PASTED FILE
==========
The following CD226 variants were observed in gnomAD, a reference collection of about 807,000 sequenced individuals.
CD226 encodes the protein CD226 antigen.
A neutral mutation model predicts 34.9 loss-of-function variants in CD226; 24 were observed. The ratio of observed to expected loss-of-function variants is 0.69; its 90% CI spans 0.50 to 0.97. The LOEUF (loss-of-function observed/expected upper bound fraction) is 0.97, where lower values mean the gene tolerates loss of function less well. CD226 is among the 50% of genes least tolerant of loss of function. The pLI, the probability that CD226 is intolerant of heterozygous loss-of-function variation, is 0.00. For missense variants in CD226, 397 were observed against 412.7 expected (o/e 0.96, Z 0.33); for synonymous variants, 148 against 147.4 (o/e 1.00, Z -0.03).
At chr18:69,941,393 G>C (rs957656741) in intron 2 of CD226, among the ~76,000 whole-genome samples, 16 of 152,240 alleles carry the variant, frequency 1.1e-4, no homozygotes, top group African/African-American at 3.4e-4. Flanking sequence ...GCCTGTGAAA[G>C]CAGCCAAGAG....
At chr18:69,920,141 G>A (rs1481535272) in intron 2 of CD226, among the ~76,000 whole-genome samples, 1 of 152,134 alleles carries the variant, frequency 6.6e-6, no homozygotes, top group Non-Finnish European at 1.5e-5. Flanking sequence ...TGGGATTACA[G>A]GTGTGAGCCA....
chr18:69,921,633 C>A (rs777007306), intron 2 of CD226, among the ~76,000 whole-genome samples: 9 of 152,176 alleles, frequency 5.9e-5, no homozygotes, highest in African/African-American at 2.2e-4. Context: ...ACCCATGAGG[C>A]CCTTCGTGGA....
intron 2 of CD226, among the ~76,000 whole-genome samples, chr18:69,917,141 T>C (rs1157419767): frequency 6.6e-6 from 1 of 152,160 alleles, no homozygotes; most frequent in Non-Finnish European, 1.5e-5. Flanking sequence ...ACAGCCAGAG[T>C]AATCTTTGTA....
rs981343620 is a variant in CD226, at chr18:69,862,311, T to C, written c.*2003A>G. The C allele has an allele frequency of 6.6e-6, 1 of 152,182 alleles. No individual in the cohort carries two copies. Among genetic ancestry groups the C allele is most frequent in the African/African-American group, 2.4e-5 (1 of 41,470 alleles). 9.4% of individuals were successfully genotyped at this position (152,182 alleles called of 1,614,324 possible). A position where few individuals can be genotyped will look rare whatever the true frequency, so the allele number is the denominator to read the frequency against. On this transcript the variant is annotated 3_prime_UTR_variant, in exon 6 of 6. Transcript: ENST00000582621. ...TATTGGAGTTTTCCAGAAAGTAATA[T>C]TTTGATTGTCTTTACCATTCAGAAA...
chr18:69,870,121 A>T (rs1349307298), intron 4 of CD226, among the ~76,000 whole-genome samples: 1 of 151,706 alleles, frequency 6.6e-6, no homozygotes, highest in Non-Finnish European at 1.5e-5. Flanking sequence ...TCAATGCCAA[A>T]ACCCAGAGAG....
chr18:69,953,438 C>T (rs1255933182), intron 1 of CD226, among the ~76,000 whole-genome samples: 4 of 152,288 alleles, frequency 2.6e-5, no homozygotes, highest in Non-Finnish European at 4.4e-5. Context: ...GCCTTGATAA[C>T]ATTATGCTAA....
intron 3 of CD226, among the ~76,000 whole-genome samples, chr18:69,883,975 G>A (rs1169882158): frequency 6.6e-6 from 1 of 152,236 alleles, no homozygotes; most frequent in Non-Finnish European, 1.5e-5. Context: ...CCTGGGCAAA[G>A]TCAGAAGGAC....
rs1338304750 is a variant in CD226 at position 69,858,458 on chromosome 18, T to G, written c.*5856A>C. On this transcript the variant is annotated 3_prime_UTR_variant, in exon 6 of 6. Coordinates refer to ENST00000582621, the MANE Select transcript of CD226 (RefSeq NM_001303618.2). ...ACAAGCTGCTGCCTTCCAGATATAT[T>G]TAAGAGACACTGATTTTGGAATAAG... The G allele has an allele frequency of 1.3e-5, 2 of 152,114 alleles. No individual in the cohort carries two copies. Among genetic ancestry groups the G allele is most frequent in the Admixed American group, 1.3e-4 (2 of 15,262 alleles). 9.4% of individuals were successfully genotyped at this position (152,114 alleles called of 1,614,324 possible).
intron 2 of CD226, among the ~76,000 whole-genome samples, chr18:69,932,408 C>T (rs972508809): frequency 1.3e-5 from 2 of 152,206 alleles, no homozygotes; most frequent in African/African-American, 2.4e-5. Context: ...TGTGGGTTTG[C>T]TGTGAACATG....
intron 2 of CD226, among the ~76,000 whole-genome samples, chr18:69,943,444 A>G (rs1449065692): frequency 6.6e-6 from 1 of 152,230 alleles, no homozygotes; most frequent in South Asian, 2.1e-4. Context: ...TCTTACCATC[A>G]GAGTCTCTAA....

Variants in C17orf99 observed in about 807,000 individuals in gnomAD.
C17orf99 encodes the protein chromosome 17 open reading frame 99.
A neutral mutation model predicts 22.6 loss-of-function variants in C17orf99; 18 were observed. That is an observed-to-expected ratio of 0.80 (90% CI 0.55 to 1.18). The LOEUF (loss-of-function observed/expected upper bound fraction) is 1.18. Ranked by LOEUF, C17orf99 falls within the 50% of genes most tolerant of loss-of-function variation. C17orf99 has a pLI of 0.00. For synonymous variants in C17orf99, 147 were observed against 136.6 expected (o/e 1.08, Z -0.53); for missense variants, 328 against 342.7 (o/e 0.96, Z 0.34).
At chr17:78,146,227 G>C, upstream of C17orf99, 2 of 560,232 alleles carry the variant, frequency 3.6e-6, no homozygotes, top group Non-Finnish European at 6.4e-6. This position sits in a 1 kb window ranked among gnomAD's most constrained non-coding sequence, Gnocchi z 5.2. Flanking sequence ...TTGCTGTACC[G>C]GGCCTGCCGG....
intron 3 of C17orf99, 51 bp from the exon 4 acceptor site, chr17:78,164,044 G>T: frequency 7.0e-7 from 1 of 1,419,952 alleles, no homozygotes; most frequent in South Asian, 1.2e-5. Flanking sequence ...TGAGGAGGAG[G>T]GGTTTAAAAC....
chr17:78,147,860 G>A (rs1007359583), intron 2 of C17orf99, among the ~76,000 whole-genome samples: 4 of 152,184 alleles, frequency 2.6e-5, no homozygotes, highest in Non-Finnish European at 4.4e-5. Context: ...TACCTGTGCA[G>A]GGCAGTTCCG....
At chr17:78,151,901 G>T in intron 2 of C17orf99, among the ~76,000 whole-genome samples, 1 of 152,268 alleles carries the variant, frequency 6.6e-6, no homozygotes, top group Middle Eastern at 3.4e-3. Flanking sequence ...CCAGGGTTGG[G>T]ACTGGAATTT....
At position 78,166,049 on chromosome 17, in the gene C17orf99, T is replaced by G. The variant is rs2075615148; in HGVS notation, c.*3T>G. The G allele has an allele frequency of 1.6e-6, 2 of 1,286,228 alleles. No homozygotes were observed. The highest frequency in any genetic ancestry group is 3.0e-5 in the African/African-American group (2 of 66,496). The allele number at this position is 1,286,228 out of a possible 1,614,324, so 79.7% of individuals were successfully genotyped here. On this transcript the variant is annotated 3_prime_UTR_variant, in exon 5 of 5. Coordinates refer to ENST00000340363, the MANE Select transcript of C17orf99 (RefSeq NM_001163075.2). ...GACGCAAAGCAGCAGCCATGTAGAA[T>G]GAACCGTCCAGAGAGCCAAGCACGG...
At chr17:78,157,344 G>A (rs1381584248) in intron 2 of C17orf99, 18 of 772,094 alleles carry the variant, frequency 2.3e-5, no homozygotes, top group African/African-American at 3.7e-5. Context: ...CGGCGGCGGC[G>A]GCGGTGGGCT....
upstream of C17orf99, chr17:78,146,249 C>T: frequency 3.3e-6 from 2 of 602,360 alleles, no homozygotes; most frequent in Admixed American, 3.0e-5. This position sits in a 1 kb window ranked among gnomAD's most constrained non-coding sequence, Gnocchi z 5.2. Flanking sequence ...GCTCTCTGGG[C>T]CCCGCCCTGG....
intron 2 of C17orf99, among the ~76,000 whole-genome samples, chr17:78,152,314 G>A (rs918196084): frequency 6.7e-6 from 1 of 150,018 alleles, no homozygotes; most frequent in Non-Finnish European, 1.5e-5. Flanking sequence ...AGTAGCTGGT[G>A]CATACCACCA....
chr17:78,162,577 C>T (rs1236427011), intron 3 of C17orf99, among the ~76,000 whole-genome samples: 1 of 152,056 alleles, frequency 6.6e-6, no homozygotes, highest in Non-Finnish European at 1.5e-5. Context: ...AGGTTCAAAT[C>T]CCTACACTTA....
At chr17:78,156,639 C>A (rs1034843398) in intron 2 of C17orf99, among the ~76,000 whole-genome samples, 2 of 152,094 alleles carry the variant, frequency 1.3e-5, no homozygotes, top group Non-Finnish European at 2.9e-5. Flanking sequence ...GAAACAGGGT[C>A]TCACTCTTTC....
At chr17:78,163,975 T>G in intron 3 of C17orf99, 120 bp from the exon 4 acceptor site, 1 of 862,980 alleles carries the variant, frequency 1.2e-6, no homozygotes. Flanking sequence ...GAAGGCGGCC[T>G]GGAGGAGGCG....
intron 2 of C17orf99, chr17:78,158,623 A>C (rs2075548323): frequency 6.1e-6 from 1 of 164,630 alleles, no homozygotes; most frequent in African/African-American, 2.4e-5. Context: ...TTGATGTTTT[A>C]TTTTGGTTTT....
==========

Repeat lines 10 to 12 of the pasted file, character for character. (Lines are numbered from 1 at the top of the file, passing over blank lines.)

chr18:69,953,438 C>T (rs1255933182), intron 1 of CD226, among the ~76,000 whole-genome samples: 4 of 152,288 alleles, frequency 2.6e-5, no homozygotes, highest in Non-Finnish European at 4.4e-5. Context: ...GCCTTGATAA[C>T]ATTATGCTAA....
intron 3 of CD226, among the ~76,000 whole-genome samples, chr18:69,883,975 G>A (rs1169882158): frequency 6.6e-6 from 1 of 152,236 alleles, no homozygotes; most frequent in Non-Finnish European, 1.5e-5. Context: ...CCTGGGCAAA[G>A]TCAGAAGGAC....
rs1338304750 is a variant in CD226 at position 69,858,458 on chromosome 18, T to G, written c.*5856A>C. On this transcript the variant is annotated 3_prime_UTR_variant, in exon 6 of 6. Coordinates refer to ENST00000582621, the MANE Select transcript of CD226 (RefSeq NM_001303618.2). ...ACAAGCTGCTGCCTTCCAGATATAT[T>G]TAAGAGACACTGATTTTGGAATAAG... The G allele has an allele frequency of 1.3e-5, 2 of 152,114 alleles. No individual in the cohort carries two copies. Among genetic ancestry groups the G allele is most frequent in the Admixed American group, 1.3e-4 (2 of 15,262 alleles). 9.4% of individuals were successfully genotyped at this position (152,114 alleles called of 1,614,324 possible).